Red Sox Mean Business Heading into July


Jun 30, 2009

Red Sox Mean Business Heading into July This week’s picture is the mindset you have to have when the trade deadline arrives: Business. All business.

As far as the Red Sox are concerned, they have been taking care of
their business.

Winners of seven of their last nine games, the Sox have
interleague play in the rear-view mirror and are setting their sights
on American League competition.

With the season nearing the halfway point, now is a good time to look at where this team will be in the coming months.

Now that David Ortiz looks more like himself at the plate, will he hit 30 HRs and produce 100 RBIs this year?
–Joe, Acton, Mass.

Going to be tough, but it can be done. There is no question that he
has vastly improved over the past few weeks. I am somewhat surprised by
the turnaround. I doubted that after two months of struggling the way
he did that he could turn it around. He has and is now looking like the
Ortiz of old. He is back to catching up with fastballs and being more
selective at the plate. When David was at his best, he was patient and
rarely went after pitches he could not lift. Thus, he was walking a
lot. When he was struggling he was swinging early and often. Even if he
does not return to 30/100, he is now helping produce in a lineup that
just needs him to help at an average level.

What is the Red Sox’ biggest weakness?
Dawn, Swampscott, Mass.

I really do not see any. With 47 wins, they lead the AL. When
looking at the team statistically, you could nitpick and say they could
afford to sacrifice more, but that has not been a big part of their
game and, based on their results, they may not need to. They could play
the West better. They are 5-10 against the West and will have a chance
to better that number against the Mariners over the weekend. The
defense could be better. The Red Sox are eighth in fielding percentage
and I think are better than how they have performed in that area so far
this season. OK, I managed to come up with three questionable areas.
When I started, I had nothing.

How is Mike Lowell’s hip?
–Gina, Wells Beach, Maine

This scares me. Things were too good to be true right from the
beginning. When he arrived in Fort Myers he was slow getting around but
got better as the spring went on and amazingly, was ready to go when
the season started. It was a credit to the focused professional that
Mike is. He set a goal and achieved it. Then he played just about every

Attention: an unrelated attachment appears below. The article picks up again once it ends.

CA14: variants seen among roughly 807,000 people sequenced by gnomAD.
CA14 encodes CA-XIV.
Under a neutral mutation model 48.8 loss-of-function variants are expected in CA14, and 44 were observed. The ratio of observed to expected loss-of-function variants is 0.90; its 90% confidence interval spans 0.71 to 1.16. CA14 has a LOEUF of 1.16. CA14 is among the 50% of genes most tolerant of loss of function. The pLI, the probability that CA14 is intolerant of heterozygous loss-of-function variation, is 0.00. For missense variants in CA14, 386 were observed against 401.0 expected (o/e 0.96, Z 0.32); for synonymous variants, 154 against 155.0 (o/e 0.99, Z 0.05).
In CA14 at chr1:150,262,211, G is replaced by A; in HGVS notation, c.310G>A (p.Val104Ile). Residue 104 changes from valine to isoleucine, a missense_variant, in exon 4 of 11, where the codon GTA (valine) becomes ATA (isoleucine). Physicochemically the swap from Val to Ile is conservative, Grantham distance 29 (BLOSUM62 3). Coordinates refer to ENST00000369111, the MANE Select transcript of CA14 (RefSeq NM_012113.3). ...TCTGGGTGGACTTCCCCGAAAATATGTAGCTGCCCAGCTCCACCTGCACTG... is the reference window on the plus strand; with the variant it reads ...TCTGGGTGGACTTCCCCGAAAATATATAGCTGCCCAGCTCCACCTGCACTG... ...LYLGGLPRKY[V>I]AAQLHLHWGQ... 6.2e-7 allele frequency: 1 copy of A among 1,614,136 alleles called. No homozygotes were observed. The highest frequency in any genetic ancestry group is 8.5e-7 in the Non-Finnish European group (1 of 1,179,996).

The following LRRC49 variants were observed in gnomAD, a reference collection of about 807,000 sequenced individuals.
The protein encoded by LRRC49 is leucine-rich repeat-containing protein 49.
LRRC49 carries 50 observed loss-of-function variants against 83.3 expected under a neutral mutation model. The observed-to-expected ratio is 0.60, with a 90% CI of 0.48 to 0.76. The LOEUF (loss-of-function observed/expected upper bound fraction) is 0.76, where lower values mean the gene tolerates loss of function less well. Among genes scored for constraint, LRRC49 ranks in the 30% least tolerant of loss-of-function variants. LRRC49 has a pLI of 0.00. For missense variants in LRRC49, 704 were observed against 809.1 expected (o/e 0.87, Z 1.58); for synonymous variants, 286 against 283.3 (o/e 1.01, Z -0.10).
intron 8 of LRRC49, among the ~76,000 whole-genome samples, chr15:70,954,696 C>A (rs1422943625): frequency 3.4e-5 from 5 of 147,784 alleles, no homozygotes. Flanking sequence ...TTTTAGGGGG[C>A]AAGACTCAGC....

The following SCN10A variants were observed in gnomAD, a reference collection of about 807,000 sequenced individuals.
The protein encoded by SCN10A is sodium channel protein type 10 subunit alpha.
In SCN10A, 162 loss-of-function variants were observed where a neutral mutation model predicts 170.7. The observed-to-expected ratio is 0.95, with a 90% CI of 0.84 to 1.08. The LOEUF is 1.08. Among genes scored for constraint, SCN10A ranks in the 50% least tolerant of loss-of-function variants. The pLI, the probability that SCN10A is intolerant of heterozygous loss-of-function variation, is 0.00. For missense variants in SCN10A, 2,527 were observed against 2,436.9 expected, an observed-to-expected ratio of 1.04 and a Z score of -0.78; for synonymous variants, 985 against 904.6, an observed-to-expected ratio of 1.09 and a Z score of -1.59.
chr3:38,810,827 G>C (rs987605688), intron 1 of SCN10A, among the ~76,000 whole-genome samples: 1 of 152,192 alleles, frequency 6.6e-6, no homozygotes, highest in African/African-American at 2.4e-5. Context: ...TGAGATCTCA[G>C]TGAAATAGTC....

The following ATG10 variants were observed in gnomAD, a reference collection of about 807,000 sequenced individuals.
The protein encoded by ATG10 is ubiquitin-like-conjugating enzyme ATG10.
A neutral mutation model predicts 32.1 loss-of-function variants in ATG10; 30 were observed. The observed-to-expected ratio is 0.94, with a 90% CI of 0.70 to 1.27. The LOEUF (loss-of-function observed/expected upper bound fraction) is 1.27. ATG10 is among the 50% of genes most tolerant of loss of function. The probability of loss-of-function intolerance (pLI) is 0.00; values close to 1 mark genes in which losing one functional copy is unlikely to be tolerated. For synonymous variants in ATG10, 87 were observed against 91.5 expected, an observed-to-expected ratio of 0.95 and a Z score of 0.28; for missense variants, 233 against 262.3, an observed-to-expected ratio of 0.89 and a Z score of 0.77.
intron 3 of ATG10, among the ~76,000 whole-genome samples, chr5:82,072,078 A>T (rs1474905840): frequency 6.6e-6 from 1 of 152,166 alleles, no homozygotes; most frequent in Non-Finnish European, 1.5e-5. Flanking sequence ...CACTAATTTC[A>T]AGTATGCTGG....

day for better than two months. The hip grabbed him and stiffened up.
Now the hope is that this shot will help through the lubrication of
this area. The question is to what degree and how long will it last?
Yesterday, Terry Francona said we are in a wait mode
now to see how he reacts to the shot. It is entirely possible that the
DL is where he will end up. If the shot does not help, maybe rest will.

What do you think the Red Sox’ rotation will look like in the second half?
–Stan, Everett, Mass.

Barring injury, it should be the same as it is now. I don’t see how you can bring Daisuke Matsuzaka
back to this rotation as it is currently working. The question moving
forward is what to do with Matsuzaka. It is clear that he needs to be
in better condition and stronger. If he does that successfully, does he
replace anybody in the rotation? As we sit here today, I would have to
say no. Clay Buchholz may still not have the
opportunity to come up until the September call-ups, if things remain
as they are. As frustrating as it may seem, it maybe best for him in
the long run.

Do you think the Red Sox will make a major move before the trade deadline? If so, who is most likely to be dealt?
–Tim, San Diego, Calif.

No. I really do not. I am open-minded to deals and try to separate
business from personal as “The Donald” would. However, I would be very
surprised to see any moves prior, or for that matter, at the deadline.
I think the Red Sox, as they are currently put together and with the
imminent return of Jed Lowrie, are in very good
shape. If anything happens, I believe it will be minor or a move that
may not impact the Major League club immediately. If the Red Sox are
willing to eat the majority of Julio Lugo’s contract, he could be moved.

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